In response to the proposed district development master plan that is just about to reach its next consultation stage there has been a lot of opposition towards the incredible amount of green space that could end up being built on.
A recent council agenda is available here
These plans potentially involve the loss of station car parks and green spaces as well as seriously increasing the concentration of housing into already urbanised areas of the district.
There is fierce opposition towards these plans in some of the districts towns where there are already strong resident groups and well respected local councillors however this plan must be viewed as a district wide concern so that areas with less representation do not get the brunt of the development because they have not shouted loud enough.
Epping forest as a district is named after the beautiful natural asset of our ancient woodlands. The very nature of the district is that of a blend or urban developments surrounded by green spaces and rolling fields. A carefully balanced mixture of historic old towns and villages and newer estate developments from the post war period with some more recent smaller scale additions to accommodate the need for increased housing.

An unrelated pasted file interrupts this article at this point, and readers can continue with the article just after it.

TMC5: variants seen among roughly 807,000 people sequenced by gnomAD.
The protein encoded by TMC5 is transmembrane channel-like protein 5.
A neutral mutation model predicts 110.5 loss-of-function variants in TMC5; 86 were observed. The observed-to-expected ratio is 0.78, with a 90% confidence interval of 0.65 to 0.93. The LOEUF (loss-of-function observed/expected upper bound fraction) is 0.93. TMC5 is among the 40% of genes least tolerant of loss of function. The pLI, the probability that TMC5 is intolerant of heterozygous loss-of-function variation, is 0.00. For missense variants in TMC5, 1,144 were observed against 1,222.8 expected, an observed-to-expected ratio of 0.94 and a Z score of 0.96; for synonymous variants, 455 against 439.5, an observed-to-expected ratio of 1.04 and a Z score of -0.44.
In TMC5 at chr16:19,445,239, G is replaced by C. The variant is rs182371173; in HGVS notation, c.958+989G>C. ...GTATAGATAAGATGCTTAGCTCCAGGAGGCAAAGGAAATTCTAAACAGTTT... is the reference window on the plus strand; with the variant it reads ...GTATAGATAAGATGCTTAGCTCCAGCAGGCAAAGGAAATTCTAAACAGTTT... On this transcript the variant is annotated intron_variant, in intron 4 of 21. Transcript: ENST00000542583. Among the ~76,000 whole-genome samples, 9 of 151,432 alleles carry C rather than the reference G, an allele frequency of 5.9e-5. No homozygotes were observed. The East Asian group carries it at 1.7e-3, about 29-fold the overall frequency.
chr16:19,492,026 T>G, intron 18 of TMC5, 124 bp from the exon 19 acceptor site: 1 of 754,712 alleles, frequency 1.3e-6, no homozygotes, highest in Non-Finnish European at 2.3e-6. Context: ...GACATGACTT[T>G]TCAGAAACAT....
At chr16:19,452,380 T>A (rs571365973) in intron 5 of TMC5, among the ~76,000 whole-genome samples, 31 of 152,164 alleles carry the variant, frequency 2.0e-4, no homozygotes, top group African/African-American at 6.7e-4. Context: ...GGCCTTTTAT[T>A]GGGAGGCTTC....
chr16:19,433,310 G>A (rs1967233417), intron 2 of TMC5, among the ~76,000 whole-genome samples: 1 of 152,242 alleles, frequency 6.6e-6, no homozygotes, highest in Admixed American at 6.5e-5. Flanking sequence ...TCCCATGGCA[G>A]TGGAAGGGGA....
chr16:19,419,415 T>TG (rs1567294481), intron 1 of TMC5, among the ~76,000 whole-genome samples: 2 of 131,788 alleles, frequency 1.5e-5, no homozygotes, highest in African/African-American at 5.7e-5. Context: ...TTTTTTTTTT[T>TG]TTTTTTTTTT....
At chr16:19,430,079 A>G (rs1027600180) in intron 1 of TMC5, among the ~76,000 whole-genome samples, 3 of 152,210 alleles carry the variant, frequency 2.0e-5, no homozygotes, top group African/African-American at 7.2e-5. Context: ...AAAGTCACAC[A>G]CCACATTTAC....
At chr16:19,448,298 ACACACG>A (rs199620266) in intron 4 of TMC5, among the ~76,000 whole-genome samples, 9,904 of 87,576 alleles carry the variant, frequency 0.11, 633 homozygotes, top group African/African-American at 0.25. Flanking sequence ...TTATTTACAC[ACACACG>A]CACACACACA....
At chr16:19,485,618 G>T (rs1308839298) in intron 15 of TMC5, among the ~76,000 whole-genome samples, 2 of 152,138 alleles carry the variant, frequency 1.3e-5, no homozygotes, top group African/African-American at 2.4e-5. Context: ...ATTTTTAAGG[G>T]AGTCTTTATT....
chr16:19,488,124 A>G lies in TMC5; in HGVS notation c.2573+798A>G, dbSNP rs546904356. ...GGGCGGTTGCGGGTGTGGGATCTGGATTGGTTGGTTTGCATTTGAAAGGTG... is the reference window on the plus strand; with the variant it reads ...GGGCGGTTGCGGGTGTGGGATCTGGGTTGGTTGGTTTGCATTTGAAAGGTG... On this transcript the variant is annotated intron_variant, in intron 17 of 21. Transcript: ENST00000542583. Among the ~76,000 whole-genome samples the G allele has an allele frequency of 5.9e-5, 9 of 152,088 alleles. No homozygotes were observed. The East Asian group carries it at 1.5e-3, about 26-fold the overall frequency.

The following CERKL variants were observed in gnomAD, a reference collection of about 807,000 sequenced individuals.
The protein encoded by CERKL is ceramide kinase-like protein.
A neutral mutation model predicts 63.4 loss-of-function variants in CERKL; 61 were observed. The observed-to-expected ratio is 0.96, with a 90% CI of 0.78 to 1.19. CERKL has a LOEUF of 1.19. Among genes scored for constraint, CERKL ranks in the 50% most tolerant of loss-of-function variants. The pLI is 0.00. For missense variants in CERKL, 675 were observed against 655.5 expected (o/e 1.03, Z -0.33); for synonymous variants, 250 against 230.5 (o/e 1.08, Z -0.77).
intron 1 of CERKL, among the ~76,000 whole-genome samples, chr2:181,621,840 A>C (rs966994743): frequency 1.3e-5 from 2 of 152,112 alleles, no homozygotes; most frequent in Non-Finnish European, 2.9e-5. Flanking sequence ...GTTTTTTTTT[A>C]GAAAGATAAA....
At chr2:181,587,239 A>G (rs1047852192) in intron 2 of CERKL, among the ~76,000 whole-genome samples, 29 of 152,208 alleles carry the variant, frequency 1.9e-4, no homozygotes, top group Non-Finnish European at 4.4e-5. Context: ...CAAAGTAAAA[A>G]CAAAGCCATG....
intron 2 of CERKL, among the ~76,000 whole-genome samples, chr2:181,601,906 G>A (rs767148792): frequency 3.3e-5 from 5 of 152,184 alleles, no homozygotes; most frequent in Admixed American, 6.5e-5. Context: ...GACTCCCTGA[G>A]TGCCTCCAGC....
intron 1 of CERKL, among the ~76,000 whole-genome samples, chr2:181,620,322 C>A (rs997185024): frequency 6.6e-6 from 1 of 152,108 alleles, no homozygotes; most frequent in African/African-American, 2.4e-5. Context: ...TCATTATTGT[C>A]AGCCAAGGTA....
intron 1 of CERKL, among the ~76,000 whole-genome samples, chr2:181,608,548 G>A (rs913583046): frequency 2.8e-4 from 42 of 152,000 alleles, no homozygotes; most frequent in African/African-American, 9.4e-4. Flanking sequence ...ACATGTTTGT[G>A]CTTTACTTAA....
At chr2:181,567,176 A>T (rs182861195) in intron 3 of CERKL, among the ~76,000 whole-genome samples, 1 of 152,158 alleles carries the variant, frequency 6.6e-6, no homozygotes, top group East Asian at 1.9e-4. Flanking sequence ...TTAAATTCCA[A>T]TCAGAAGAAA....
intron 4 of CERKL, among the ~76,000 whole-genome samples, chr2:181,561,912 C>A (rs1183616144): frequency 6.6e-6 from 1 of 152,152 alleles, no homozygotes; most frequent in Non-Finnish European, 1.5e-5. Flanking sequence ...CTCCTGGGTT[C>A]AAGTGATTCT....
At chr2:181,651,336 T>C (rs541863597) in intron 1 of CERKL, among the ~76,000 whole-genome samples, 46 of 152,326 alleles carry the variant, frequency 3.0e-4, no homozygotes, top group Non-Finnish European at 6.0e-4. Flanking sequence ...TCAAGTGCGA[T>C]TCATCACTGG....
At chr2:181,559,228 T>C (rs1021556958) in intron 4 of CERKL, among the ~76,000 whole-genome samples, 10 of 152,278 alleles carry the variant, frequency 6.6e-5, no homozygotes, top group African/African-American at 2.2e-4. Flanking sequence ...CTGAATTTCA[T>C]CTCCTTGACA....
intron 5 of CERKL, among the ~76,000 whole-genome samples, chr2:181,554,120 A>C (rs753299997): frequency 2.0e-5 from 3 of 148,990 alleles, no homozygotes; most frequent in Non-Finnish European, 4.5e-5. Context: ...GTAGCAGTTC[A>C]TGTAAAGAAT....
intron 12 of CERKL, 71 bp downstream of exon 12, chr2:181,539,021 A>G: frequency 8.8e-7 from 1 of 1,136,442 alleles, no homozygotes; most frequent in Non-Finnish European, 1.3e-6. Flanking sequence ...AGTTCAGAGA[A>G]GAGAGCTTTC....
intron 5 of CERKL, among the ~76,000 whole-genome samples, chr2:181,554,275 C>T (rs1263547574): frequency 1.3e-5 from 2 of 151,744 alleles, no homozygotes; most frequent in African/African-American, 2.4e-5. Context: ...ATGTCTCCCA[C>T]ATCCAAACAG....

Bordering London the green belt and the Forest has historically been a buffer to prevent London creeping outwards and up until now has sufficed in preventing the metropolitan sprawl from completely wiping out the natural aspects of the area. At points this has been under threat but never to such an extent in the district as it is now. The increased demand for housing is outweighing common sense it would seem.
These master plans are progressive, they very rarely recede in nature and look towards the developments that may well be needed in the next couple of decades. This may seem reasonable as we all understand the need for housing however the detrimental impacts and increased potential for further expansion must be considered and understood at this stage now.
Many of us will not see the final outcome of these plans, indeed depending on your current stage in life the impact may not seem important however in the past two or three decades with increased awareness, the ability to gain information at our fingertips and the current level of understanding that we now have about the impact of mass developments to our natural environment we have a moral obligation to really consider what is best for our surrounding areas and the legacy that we will leave.